Imatges de pÓgina
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Mr. URBAN, Dudley, Feb. 15.

be constructed : and, on surveying ****EING persuaded that the tout ensemble, together with its

many an useful in- happy LIVING appendages, a geneB

ftitution owes its ori- rous contributing publick may exgin to your valuable claim,

Magazine; through “ Exegi monumentum ære perennius, ***** that inedium permit Quod non imber edax, non Aquilo imporens an admirer of British valour to sug- Poflit diruere, aut innumerabilis

Annorum series, et fuga temporum.". geft an additional plan to the several which have already been pro

I know, Mr. Urban, that the pored, to perpetuate the memory of gates of the Foandling Hospital are our great martial * atchievements. open to children of lain soldiers Without wishing to decry the me

and sailors, as well as to those pirits of other designs, I am humbly tiable fruits of Thame who know of opinion that a LIVING MONU

not the authors of their being: but MENT will be the most preferable; I cannot help thinking, that two which fall consist of those chile objects are thus blended which dren, under a certain age, whose ought to be kept totally diftina. fathers have fallen, or thail here. The British sailor and the Britith after fall, in the service of their foldier are characters, methinks, country. My plan is this.

whose fatherless children deserve After a suitable place for their so highly the peculiar protection of reception is ere&ted (whether by their country, as to call for an aGovernment or by subfeription), fylum folety instituted for them. let a fund, by similar means, be No obje&s, surely, “ have a bet. establithed for their support, &c.

ter claim to admittance into a na where, in habits of piety, industry, tional establishment, whether the and moral order, they may be merit or the necessity of the case be educated, either for useful trades, or

considered. If fuch children be for the army and navy, as shall be not entitled, by their own distress deemed most proper.

and their father's services, to pecuNor would the adoption of this liar protection, no such café can plan preclude the beautiful, the exift." Is it faid, “ that a child grand, and sublime, productions of this description is not absolutely of Archite&ure and Sculpture. deftitute? That it has still a paWithin a (pacious circular hall, or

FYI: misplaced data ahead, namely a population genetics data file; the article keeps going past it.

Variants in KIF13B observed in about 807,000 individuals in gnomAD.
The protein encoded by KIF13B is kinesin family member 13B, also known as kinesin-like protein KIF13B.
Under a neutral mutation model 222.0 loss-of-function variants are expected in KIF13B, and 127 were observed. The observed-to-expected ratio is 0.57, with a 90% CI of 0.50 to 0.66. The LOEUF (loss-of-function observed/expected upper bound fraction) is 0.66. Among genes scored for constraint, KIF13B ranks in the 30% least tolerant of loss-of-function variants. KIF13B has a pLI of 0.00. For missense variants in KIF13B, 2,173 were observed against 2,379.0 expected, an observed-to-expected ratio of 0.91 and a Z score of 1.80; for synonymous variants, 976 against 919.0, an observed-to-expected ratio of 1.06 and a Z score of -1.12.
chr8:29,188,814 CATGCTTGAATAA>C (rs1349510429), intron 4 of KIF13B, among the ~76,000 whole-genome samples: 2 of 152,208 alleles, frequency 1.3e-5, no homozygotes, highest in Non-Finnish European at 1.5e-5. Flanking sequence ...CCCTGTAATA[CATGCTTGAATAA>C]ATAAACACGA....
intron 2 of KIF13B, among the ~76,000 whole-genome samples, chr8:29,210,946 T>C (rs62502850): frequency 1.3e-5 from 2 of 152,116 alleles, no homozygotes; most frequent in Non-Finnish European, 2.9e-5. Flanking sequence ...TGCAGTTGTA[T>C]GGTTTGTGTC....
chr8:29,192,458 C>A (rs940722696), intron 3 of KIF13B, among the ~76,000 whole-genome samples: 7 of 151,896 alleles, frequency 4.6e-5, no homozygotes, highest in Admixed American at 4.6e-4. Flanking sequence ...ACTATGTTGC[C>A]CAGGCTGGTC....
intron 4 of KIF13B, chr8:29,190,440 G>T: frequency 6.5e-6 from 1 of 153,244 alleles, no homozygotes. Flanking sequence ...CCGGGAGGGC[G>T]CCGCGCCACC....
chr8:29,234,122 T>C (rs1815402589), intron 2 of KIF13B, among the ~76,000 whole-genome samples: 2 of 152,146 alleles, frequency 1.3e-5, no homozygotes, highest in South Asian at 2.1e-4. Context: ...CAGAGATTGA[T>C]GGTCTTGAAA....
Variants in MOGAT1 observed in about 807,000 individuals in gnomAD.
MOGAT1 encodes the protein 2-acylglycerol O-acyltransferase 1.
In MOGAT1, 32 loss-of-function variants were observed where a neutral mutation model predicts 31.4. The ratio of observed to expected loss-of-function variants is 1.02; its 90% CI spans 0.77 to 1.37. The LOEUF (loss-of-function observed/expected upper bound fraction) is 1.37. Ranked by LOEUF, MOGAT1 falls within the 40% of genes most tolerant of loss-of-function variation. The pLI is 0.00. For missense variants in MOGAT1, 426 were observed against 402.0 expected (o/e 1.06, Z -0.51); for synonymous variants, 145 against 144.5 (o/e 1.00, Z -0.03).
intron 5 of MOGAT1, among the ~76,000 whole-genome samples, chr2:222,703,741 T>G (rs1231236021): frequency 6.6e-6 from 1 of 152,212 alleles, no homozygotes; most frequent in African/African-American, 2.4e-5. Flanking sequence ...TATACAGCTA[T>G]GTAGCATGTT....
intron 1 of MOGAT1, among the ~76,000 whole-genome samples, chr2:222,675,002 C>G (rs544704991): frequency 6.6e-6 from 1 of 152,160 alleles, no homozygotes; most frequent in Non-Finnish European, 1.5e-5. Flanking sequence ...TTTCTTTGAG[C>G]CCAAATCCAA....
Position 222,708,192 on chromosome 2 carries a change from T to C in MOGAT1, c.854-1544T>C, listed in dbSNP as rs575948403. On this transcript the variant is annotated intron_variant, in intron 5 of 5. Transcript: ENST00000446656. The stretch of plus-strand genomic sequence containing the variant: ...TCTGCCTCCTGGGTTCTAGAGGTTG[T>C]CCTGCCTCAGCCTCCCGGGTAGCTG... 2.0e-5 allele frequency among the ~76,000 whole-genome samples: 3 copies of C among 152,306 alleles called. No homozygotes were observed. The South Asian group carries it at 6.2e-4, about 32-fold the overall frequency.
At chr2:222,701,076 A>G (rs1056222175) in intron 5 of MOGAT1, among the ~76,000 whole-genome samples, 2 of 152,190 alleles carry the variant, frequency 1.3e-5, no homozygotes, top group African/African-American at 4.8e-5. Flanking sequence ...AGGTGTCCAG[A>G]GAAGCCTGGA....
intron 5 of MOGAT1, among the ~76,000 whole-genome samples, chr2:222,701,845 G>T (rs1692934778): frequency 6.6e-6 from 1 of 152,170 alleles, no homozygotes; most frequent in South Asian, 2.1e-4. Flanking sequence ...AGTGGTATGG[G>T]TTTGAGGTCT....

rent in its living mother }”. Let rather chapel, a number of niches Langhorn, with a trifling alteration, may be formed to receive the busts antwer this: of our martial heroes, and under “ Colu, on the sea-beat shore or bloody them a mural table of marble, on


(Nain; which to record their particular at

Perhaps ibat parent mouro'd her warrior chievements.

Beni o'er her babe, her eye diffolv'din dew, Such monumenta

The big drops ningling with ihe milks he being sheltered from the weather,

drew, and visited as in a fanctuary, would Gave the sad presage of his future years ; be far more durable than any co- The child of misery, baptiz'd in tears !" lamn, arch, or bridge, that could In a word, an Asylum for Chila * Why thould the compliment be con

dren of Nain Soldiers and Sailors fined to the navy?

agrees well with the idiom of the


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English language. It does more, Mr. Addison died June 17, 1719, Mr. Urban: it would be found so aged 47 years and 47 days, at Holstriály accordant with the gene- land house, leaving no child but a rous texture of the English heart, daughter, born in 1718, who died that it might easily, I am perjua- at Bilton, near Rugby, in Warded, form a very proper addition wickshire, in 1797: to the already-glorious catalogue of As theic different statements, reEnglish institutions. - Fiat! lative to the name of the Counters, Yours, &c. L. Booker, leave the matter in a state of un

certainty, if any of your correMr. URBAN, April 10. spondents can remove the uncer. THỂ following particulars, re- tainty, and give us authentic inhis marriage, may not be unac

favour by

Eusebius. ceptable to fome of your readers.

Mr. Addison was born May 1, The PURSUITS OF ARCHITECTU1672.

RAL INNOVATION. No. XXII. He married the Counters Do- The ANTIENT PALace of the KINGS ager of Warwick, “ whom,” we, of ExGLAND at WESTMINSTER, are told br Dr Johnion), “ he had continuer. solicited by a long and anxious HY do we droop? Why courtship, Aug. 2, 1716." He